Tuesday, August 19, 2014
What Apps Do You Use on Your Farm?
As mobile technology becomes more accessible to rural areas and more farmers are adopting this technology, mobile applications for agriculture are becoming increasingly popular. We asked some of our farmer friends and collaborators which apps they use on farms. What apps do use on your organic farm or in your work with farmers? Send us an email at email@example.com – we’ll compile and send out the results in our next update.
Several farmers commented about their use of Google Docs and Sheets to record information and for note taking. One farmer reported using a separate email account that workers can email to report activity for issues on the farm. Still popular is taking hand written notes and transfering that information to Excel later.
Josh Volk of Our Table Cooperative writes about his use of a smartphone, "I use DropBox sometimes to look up some of my planning sheets, but it’s rare. I use the calendar a lot for record keeping noting what I do when and more details in the notes where needed. I use the note pad mostly for short term notes that need to be transferred somewhere else. I occasionally use reminders to create to do lists and remind me of things that need to be done at a specific time. I use the timer on the clock to remind me to turn off water and the stopwatch for time trials in the field."
Some eOrganic member researchers and educators have either been involved in developing apps, or use them in their work with farmers. Examples include the following:
Heather Darby, University of Vermont Extension agronomist and eOrganic's Dairy Team leader, has recently developed a nutrient management app called goCrop™ The app helps dairy farmers develop nutrient management plans used to monitor crop nutrient demands as well as meet state and federal regulations. Learn more at: https://gocrop.com. Heather is currently working on expanding the app to specifically address the needs of organic livestock operations.
One of the most difficult farm tasks is collecting field data. What was planted where? Where was the broccoli with clubroot last year? How weedy is the carrot field? How long did it take to harvest potato field number two? What is damaging the lettuce in field 10? Alex Stone of Oregon State University works with some farmers who use Evernote to track and photograph what goes on in the field from soil prep to planting, weeding, pest scouting, and harvest. Using smartphones or tablets, farm personnel document field activities and crop problems and successes in a single note (for example, one for each field or crop) while out in the field. Farm staff can also share information such as maps, pesticide and fertilizer labels, equipment calibration protocols, and seeding rates. To organize and find information, notes can be organized into notebooks and tagged with keywords. In addition, all of the text in notes is searchable.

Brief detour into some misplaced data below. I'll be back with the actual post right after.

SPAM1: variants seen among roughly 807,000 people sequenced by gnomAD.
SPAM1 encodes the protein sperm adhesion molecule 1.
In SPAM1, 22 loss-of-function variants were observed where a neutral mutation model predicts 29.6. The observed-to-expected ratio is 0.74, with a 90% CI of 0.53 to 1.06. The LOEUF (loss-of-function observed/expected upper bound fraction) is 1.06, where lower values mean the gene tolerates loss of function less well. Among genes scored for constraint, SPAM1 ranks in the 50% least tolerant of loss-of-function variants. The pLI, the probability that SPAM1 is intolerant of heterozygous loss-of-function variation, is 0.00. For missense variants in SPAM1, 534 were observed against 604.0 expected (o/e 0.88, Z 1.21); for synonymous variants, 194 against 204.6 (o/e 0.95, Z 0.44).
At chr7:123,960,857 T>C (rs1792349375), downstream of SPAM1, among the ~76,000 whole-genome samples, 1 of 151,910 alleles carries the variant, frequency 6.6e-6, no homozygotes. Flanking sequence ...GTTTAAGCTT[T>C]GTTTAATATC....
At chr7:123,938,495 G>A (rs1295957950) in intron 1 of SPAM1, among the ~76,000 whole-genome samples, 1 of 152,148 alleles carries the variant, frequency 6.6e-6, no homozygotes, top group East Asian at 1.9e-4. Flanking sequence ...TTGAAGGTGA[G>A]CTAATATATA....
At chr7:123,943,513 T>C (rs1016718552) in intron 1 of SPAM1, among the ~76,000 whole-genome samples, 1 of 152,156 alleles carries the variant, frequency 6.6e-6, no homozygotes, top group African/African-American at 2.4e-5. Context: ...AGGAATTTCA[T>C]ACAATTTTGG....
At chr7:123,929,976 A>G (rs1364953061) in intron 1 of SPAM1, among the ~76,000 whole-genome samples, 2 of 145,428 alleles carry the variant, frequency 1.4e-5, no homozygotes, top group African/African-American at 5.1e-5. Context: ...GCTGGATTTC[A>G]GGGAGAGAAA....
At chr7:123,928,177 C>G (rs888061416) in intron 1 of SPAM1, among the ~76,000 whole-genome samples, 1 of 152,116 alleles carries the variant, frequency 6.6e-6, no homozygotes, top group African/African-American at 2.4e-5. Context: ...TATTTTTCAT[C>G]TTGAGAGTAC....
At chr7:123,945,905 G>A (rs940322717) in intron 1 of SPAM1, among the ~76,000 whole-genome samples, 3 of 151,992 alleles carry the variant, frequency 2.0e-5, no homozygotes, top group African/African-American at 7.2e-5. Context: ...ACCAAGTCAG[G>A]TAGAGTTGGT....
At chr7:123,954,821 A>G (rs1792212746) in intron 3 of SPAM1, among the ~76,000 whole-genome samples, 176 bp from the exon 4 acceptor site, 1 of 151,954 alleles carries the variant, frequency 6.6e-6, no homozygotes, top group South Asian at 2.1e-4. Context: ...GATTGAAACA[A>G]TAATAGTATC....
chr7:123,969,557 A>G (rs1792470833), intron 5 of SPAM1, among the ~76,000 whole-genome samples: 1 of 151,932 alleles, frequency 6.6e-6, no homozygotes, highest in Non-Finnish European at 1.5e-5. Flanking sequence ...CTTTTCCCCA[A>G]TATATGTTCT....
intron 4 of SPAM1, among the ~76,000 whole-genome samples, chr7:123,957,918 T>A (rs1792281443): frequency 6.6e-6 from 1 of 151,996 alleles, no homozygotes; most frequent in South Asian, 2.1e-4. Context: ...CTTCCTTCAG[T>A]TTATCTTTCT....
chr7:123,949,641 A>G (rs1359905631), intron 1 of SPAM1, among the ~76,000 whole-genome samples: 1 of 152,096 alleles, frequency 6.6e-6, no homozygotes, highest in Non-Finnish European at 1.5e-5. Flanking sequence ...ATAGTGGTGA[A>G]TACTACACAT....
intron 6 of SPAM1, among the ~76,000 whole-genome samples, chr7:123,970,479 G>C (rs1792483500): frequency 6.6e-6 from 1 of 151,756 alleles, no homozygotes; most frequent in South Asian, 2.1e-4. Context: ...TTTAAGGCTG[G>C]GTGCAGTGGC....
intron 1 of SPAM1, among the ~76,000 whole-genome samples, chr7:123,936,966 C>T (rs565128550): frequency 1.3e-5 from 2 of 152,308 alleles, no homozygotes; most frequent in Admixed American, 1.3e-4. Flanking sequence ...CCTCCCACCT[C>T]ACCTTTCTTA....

APS Plant Health/Tomato MD
The Plant Health app from the American Phytopathological Society (APS) has a Tomato MD component, which is an interactive reference that helps gardeners, professional growers, and consultants identify and manage more than 35 key diseases, insects, and physiological disorders of tomatoes. Tomato experts have peer-reviewed all content to ensure the images and information are accurate, but it is published in an easy-to-use, non-scientific format. After you download the free Plant Health app, the Tomato MD app is available for $1.99. Learn more about the app here. Note: Since some of the control methods in this app may not be compliant with organic regulations, always check with your certifier before applying any inputs and read the eOrganic article Can I Use this Product for Disease Management on My Organic Farm?
SoilWeb, which was developed by UC Davis and the NRCS provides GPS based, real-time access to USDA-NRCS soil survey data, formatted for mobile devices. It retrieves graphical summaries of soil types associated with the user's current geographic location. Images are linked to detailed information on the named soils. The app is available for iPhone and Android users, and Google Maps and Google Earth also interface with this application. More NRCS online maps and and apps can be found at http://www.nrcs.usda.gov/wps/portal/nrcs/detail/national/home/?cid=stelprdb1049255